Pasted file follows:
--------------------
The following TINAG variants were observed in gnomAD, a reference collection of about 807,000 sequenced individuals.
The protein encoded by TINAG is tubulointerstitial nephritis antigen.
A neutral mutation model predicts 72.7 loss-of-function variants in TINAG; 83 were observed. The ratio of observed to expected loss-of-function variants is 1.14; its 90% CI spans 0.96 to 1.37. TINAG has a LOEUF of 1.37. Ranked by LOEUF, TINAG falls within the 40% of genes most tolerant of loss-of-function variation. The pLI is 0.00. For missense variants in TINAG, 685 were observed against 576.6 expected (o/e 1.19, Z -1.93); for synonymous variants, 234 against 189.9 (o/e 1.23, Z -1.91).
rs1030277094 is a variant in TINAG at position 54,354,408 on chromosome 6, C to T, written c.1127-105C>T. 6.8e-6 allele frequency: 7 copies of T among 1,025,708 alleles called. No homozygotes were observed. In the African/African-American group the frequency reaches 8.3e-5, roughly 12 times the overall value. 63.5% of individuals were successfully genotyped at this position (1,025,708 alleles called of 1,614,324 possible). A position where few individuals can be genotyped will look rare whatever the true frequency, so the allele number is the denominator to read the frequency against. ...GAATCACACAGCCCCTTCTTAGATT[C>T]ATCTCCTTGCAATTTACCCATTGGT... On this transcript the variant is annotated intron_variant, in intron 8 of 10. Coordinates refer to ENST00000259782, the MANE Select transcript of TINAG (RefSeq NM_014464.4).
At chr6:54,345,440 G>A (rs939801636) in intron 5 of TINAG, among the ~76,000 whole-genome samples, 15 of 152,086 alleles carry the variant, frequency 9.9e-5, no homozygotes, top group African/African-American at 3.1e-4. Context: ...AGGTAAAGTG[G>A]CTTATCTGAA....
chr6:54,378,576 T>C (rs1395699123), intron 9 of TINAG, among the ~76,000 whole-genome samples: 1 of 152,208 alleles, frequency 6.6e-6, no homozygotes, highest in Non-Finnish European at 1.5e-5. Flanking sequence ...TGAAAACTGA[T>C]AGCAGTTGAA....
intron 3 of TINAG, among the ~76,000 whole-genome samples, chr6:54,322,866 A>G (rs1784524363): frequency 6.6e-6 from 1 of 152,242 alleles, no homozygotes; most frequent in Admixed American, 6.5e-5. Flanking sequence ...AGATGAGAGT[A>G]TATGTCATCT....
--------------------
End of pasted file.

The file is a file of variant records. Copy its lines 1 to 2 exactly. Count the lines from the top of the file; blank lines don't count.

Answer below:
The following TINAG variants were observed in gnomAD, a reference collection of about 807,000 sequenced individuals.
The protein encoded by TINAG is tubulointerstitial nephritis antigen.